When I was in 5th grade, my teacher’s name was Mrs. Honan. Our classroom windows faced south east looking out onto the sports fields, and every morning the sun would pour into the upstairs room with its slanted roof and skylights. Our class was made of twelve students and six desks, each of us sharing a desk with one other. I remember all of the kids in my class by name, and have even reconnected with some of them as an adult. That was the magic of the Key School. One person I’m no longer in touch though, is Mrs. Honan, my wonderful, open-hearted teacher who seemed so full of light and goodness. I’m no longer in touch with her because she is dead.
The funny things I remember about Mrs. Honan are how she held the chalkboard eraser (it dangled from her hand and often fell to the carpet where chalk billowed up like the residue of an avalanche); the coffee mug that always sat on her desk, and her hair. Her hair was *perfect*. She wore a thick band through it that changed colour regularly and spanned ear to ear. It was brown, shoulder length, and never seemed to grow. I didn’t know it then, but I now know that the secret to Mrs. Honan’s lovely hair was that it was a wig.
It was a wig that many women turn to in moments when they don’t feel normal. In moments when they sense society would judge them for not having hair, for being different; for being ill. While not all women wear a wig due to cancer treatment, that was why Mrs. Honan wore hers, though none of us knew her secret. In fact, at the time of her death, it was disclosed that not even her children knew of her diagnosis of cancer. She was a cloaked warrior, not wanting to cause anyone around her pain, carrying her burden of illness all on her own, right up until her death.
I’ve thought many, many times about Mrs. Honan. I’ve considered if I could carry the weight of that secret, if it were me living through cancer treatment while working as a middle school teacher. I’ve wondered if it would be better for my son to know in advance of a terminal diagnosis, or if he should be left to his innocence and happy assumptions about life, instead of worrying about death.
Don’t get me wrong, I don’t dwell in the future all the time. It’s just that when you’ve had a health crisis that sends you to the brink of touching death, there is a tether to the past memory and to future uncertainty. Of course, we all have an uncertain future that carries with it hope and responsibility, but the blips in the road for those of us who have been alerted to our own temporality through the medical powers that be, are the body’s routine signals that regularly raise the cautionary flag. Life is temporary; none of us know how or when it will end.
Many times over my lifetime I have been told not if, but when. When I heard this news as a three year old, it wasn’t me who was hearing it, it fell on my parents’ ears who had to carry the weight. This was translated into facial expressions and wavering voices everytime my health was taken into question. In my twenties I seemed to live with total disregard for the medical profession. My rebellious nature told myself that I knew myself better than those stiff white coats. Only, at that time I couldn’t have been less in touch with my body.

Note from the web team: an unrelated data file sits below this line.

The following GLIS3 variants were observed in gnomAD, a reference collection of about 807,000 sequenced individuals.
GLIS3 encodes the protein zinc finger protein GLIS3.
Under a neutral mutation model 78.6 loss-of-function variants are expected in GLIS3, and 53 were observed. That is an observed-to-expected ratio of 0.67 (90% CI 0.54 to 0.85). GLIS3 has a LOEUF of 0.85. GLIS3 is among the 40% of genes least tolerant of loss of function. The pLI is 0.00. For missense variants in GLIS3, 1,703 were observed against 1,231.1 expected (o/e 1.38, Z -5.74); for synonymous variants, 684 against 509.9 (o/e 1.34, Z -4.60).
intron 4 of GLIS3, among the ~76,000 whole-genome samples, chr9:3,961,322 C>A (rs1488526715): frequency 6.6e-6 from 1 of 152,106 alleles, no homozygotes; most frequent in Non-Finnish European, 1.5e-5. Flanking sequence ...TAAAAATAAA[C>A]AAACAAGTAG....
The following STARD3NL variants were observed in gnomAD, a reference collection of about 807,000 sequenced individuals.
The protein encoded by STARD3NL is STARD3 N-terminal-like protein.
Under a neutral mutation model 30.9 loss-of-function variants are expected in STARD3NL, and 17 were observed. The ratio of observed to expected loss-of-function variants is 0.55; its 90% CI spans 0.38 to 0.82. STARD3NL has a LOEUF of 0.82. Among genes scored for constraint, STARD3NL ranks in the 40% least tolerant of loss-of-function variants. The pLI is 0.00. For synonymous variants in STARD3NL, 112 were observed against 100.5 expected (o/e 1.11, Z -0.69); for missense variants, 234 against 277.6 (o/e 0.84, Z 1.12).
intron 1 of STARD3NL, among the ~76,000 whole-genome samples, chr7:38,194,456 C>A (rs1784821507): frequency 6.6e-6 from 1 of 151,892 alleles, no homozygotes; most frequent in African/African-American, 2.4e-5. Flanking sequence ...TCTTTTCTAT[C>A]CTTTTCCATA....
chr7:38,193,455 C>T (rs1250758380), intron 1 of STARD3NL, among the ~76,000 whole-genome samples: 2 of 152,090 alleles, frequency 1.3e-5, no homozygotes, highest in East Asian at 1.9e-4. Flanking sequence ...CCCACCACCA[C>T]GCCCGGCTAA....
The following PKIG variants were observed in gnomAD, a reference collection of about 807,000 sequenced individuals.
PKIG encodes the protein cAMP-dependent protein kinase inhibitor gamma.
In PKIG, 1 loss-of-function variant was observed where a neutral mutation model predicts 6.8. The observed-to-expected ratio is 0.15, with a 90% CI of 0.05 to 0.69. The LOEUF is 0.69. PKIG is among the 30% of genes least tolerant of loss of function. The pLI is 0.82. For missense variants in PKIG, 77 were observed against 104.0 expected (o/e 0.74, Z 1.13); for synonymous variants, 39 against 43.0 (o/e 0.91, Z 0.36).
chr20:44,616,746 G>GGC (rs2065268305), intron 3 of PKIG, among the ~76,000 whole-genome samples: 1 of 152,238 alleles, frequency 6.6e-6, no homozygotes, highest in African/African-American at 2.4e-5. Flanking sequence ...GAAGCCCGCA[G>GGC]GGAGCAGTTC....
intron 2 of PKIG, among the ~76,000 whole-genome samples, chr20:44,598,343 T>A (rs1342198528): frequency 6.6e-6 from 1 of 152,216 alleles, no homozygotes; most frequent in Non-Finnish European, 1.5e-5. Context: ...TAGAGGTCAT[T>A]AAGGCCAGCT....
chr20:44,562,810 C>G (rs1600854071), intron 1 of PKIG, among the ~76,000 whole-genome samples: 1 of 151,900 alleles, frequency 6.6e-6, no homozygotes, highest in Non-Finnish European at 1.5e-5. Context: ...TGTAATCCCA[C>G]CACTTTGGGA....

Nowadays, life seems less certain. I have more reverence for the doctors and I am more in touch with how it feels to be in my aging earthsuit. I am more aware of my deep need to stay positive and live each day with joy and a long view to the decades on earth that are hopefully yet to come, but have a plan *just in case* the expanse of my future on earth is not so vast.
It might sound easy, to stay in the now. After all, there are books, even libraries full of books on this topic, one of utmost international interest for thousands of years. I can assure you though, it takes a daily practice; a practice of being present with what is, called meditation. Whether this practice is performed seated, through yoga asana, cooking or observing wildlife, it is the single most important thing to my own mental health and wellbeing. For many years now I have taken it as a given, but lately I am treating it more gently, holding it with softer, more tender hands.
At the same time, having hopes for the future seem to be equally valuable. The balanced tether between these two places appears to be the thing we call a meaningful life.
I have decided to set Mrs. Honan free: from my contemplation, from my judgement of whether she did the right thing by living out her cancer in silence under her wig. I don’t know whether we, as ten year olds, could have been compassionate and understanding enough to support her with love and joyful childhood presence during our time as her pupils. I’m even less certain of how her own children would have coped with their mother’s impending fate. I do know she made an impression on me, not because of her wig, but because of her kindness and joy. Thinking back, she was a remarkable human being, to be so present and available to us despite her own challenges and pain.
It’s our human birthright to make our own choices. For each of us those will look and feel different based on individual needs and circumstances, based on our ability to listen to our inner voice without answering to anyone else. Mrs. Honan owned her decision about how she wanted to live, and as an adult I have learned an invaluable lesson from her — that staying true to yourself, whatever that means, is a key to happiness and the key not only to living truthfully, but truly living.